“Now why are you bothering my mistress?” she demanded.
“We were just getting to that,” I replied. I gave him an ‘hmmmm?’ expression, cradling my right hand under my neck. With my left, I took the proffered coffee. It had been for me; I had graciously allowed my lady in waiting to take a swig. She also had buskins; I was barefoot. If she stomped me, it would really hurt.
“I guess I came to you to find out why I died.” He looked somber. Many dead people do. To them, death is not a laughing matter.
“But I did not summon you. Without your skull I lack the ability. And the dead usually avoid me because they know in my presence I can command them.”
“You can command the dead?” He was incredulous.
Rosalyn handed me my death sword. I pointed it at him. “Stand on one foot!” I ordered. He complied. Rosalyn’s eyes met mine and we burst out laughing.
“All right. You’ve made your point. Can I put my foot down now?”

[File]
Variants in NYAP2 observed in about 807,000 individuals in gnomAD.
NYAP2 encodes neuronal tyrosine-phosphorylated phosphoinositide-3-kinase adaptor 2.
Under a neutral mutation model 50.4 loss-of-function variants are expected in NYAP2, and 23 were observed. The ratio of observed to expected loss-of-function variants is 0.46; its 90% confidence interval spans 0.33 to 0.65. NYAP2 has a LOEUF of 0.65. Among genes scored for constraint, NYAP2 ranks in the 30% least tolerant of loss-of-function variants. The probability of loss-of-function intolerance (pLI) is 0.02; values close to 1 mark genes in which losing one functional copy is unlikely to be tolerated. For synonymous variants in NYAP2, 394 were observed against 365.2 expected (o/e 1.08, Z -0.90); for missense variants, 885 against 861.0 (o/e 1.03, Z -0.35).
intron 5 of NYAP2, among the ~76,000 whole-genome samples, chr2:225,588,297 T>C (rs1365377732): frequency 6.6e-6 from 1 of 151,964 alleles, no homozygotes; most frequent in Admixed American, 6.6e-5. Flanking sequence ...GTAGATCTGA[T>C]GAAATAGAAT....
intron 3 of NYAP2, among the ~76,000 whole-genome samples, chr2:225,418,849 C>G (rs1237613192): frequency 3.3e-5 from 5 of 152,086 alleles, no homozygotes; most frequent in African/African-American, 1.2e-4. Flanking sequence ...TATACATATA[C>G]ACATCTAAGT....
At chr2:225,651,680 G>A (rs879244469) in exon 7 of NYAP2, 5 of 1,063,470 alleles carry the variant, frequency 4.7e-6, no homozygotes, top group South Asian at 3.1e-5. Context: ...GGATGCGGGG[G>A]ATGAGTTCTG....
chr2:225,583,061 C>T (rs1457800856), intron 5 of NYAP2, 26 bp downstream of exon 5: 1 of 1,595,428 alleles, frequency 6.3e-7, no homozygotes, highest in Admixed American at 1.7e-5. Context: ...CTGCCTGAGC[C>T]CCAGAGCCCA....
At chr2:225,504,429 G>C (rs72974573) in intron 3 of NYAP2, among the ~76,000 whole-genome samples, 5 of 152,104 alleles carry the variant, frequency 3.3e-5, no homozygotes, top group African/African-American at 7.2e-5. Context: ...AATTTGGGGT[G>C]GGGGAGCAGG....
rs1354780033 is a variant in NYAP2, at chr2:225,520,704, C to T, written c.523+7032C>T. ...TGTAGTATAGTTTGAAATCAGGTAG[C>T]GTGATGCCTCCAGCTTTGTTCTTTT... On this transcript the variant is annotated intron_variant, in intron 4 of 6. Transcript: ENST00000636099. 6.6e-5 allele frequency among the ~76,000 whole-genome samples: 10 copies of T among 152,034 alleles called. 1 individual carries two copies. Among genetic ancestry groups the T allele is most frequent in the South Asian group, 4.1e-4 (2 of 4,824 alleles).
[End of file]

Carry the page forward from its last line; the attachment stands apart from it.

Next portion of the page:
“So be it.” He relaxed. “Now, sirrah, is it not obvious that you died in the war?” I handed Eligor back to Rosalyn, who sheathed it with a smirk.
“But that’s just it. I wasn’t in the war.”
“Then why are you in a soldier’s uniform?”
“No idea. I was the son of the ambassador. My father had paid some poor slob to take my place in the army. By right, he should be the one dead.”
“The Terran envoy is here, mistress.” This was the day for my privacy to be interrupted. Gondryn, one of my heralds, had opened the door with this announcement.
“I hate to barge in like this...”
The Terran envoy had not waited. She had almost knocked poor Gondryn over. A tall, severe woman, from one of their southern continents, with skin even darker than my suns-baked one, marched in. She was in what they call a ‘power suit’, a gray skirt that came below her knees but immodestly exposed her ankles, a gray vest over a blouse (women wear blouses on their world, not men), and a light gray jacket. There were stripes up and down her.
“Mother!” The boy cried. The envoy stopped speaking, stared at him. Then her eyes rolled up in her head, and she fell into a crumpled gray mess. She farted on the way down.
“Inconsiderate, these offworlders. Did she not realize someone is going to have to pick her up?” Rosalyn exclaimed.
Copyright © 2006 by Rachel Parsons